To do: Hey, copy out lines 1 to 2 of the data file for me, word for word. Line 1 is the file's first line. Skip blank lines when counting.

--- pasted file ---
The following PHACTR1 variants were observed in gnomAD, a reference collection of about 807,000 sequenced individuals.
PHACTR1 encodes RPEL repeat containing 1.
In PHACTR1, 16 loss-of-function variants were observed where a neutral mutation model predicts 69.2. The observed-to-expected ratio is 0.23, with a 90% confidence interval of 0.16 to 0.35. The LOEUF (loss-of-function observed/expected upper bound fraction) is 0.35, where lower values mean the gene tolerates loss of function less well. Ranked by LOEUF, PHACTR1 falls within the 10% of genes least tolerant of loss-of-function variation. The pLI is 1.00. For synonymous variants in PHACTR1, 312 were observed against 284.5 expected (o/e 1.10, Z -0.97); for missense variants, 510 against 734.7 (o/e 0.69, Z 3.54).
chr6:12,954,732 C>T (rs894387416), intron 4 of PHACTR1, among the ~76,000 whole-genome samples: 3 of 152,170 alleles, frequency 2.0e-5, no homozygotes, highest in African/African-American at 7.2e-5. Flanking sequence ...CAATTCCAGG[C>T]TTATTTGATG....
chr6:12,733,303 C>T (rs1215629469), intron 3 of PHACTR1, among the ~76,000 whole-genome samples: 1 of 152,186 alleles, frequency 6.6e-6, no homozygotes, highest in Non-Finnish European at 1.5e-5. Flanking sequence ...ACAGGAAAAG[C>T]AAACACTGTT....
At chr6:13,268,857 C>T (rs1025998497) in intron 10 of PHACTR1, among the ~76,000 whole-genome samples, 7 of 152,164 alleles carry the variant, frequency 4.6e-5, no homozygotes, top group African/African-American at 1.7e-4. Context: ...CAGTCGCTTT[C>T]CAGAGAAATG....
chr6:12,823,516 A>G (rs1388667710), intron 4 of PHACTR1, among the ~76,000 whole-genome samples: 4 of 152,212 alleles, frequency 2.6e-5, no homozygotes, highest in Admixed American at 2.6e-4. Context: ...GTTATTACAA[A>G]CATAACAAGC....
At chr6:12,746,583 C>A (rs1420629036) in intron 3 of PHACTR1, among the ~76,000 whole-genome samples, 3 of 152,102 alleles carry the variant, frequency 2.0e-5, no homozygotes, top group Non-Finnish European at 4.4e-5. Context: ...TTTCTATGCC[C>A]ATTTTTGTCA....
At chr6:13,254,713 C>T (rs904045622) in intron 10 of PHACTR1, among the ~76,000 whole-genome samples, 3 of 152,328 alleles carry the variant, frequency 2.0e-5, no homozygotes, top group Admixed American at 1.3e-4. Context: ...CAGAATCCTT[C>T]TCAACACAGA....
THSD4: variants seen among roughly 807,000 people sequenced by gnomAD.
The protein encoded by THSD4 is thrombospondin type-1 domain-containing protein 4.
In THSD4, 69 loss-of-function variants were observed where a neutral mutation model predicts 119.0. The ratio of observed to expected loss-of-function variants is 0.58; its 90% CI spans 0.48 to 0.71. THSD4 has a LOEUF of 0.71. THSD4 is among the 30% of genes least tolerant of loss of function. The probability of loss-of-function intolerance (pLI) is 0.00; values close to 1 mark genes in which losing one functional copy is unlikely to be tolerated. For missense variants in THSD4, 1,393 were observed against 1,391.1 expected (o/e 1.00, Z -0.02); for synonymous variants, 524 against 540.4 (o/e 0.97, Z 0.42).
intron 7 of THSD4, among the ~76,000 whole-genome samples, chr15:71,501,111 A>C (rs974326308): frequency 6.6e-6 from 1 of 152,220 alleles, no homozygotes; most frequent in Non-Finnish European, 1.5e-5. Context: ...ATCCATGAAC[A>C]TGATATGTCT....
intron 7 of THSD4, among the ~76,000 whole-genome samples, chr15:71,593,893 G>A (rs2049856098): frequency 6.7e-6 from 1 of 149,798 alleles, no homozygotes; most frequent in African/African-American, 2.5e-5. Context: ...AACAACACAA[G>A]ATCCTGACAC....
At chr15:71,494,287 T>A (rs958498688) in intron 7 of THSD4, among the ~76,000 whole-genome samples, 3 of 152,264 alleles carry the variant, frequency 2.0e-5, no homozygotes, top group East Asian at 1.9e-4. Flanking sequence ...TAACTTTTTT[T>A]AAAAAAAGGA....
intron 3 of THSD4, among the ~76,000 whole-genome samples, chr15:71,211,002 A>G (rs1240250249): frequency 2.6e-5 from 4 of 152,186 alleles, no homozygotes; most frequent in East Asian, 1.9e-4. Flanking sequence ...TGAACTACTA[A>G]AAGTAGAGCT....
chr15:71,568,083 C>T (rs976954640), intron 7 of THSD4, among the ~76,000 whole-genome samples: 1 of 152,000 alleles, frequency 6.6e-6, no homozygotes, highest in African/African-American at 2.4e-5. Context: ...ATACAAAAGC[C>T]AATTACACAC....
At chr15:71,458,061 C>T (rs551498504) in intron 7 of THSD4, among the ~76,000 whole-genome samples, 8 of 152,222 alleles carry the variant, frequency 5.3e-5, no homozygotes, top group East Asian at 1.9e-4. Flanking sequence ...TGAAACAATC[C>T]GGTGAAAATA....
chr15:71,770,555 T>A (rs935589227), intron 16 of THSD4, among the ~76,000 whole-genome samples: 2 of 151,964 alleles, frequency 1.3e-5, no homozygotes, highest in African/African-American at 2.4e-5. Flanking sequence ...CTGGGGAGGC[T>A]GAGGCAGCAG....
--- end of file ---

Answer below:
The following PHACTR1 variants were observed in gnomAD, a reference collection of about 807,000 sequenced individuals.
PHACTR1 encodes RPEL repeat containing 1.